A man gets the coronavirus vaccine shot at an outdoor vaccination site at Lakewood Ranch in Bradenton, Florida. (AP Photo/Chris O'Meara)

Changes in the way vaccines are distributed in Florida, and in how residents can sign up to get them, have left some rural health care providers frustrated.

In the waning days of 2020, Florida was sending vaccines to Federally Qualified Health Centers and hospitals to help with distribution. But recently, a change in state policy meant that vaccines from the state allotment were only going to county health departments. Hospitals were only able to give vaccines to the extremely medically vulnerable. 

While big box stores like Publix, headquartered in Florida, Winn Dixie and Walmart have been authorized at the federal level for vaccine distribution, the shift to sending vaccines to health departments means a slow-down in how those vaccines are getting into the arms of rural residents. 

The shift, said Melissa Thibodeau, executive director at Heartland Rural Health Network, one of nine rural health networks across the state, means that the rural interior communities in Florida are being overlooked by the state. Those areas need to get more vaccines and have hospitals and FQHC’s authorized to help with the rural vaccine roll out, she said. 

In rural DeSoto County, DeSoto Memorial Hospital was doing about 300 doses per day, said Vince Sica, the hospital’s CEO. 

In late December, the hospital received 400 doses of the vaccine, and about a week later, they received another 910 doses. The hospital did 300 doses a day for people in their community over 65, as well as staff members, delivering a little over 1,300 doses in total. 

Then, the state policy changed and the majority of doses started going to the Florida Department of Health – DeSoto. The health department gets 250 doses a week, he said. On Tuesdays, they vaccinate about 250 first doses and on Thursdays, vaccine another 250 residents with their second doses. 

“The last demographics I saw was that there are 6,800 residents over 65 in DeSoto County,” Sica said. “At that rate, it will take the health department 32 weeks to vaccinate that population.”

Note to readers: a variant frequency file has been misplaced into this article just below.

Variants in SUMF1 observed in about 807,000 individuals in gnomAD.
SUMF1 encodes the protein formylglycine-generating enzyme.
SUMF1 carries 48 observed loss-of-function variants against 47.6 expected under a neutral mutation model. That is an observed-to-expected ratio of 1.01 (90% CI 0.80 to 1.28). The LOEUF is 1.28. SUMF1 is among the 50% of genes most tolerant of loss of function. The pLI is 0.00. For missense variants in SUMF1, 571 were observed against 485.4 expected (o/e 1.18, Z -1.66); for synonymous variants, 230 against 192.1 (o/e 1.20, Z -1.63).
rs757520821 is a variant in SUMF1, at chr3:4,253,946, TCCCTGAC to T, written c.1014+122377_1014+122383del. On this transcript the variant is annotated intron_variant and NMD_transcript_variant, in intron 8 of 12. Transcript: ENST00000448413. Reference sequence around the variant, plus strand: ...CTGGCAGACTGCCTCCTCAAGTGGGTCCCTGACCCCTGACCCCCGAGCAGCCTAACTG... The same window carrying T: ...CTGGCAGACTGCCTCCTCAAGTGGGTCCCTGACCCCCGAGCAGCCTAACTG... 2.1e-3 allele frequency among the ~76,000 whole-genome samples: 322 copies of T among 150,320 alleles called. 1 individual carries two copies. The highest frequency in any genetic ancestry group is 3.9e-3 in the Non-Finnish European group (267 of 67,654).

According to Florida’s Vaccine Finder, there are three places for the 38,000 DeSoto County residents to get a vaccine – Publix, Walmart and the Turner Agri-Civic Center. 

Extremely medically fragile individuals can still get a vaccine at the hospital, Sica said. 

And according to the state’s vaccination roll out plan, FQHC’s will be used in the second stage of the roll out, to provide vaccines for children and adults. 

Ann Claussen, CEO of Central Florida Health Care, an FQHC serving Polk, Hardee and Highlands counties, said prior to the change her facility had been able to vaccinate 2,700 people. But since the change, her facility hasn’t received any vaccine.  

And her facility didn’t make the cut when it came to the roll out of the vaccine. 

“I think we’re just saying that people are open to having it done and as long as we are all collaborating together and working together to provide more options at different locations, more people can get it done,” Claussen said. “People are open to it and having it done and they’re hopeful. But they’re waiting, impatiently probably, on the waitlist to get it done.”

Not using the FQHC means not taking advantage of the people and equipment they bring to the table, Thibodeau said. 

“One thing that I’m hearing from patients and the community in general is with Central Florida Health Care, they have mobile medical units that they could take out and do community (vaccination) events,” Thibodeau said. “That would make it easier to reach the minority populations, especially the Hispanic population and the migrant workers. Also, Central Florida Health Care has extended hours to specifically serve those communities. Having FQHCs on board would help bridge that gap.” 

Another frustration, the group said, is the move to have all registrations for the vaccine online. With access to internet and broadband limited in rural areas, and with an older population, signing up for the vaccine digitally can prove challenging. One vaccination event in DeSoto County, at the Turner Agri-Civic Center in January allowed residents to call in to make appointments, but required those getting a vaccine to download a consent form from the state. 

According to myvaccine.fl.gov, there is a phone number in each county that those without internet access can call to schedule an appointment. 

While vaccine hesitancy amongst minority populations continues to be an issue, Sica said, elsewhere, residents are eager to get the vaccine. 

“I’m surprised at how willing people are to get the vaccine. Like I said, I’ve never seen people that are more excited about getting a shot,” he said. “Now I think it’s just a matter of increasing the number of doses that are coming into the state, which I think you know, goes back to Washington.” 

Currently, Florida receives 300,000 doses of the vaccine each week. No doses of the vaccine were delivered to the state last week because of the weather. 

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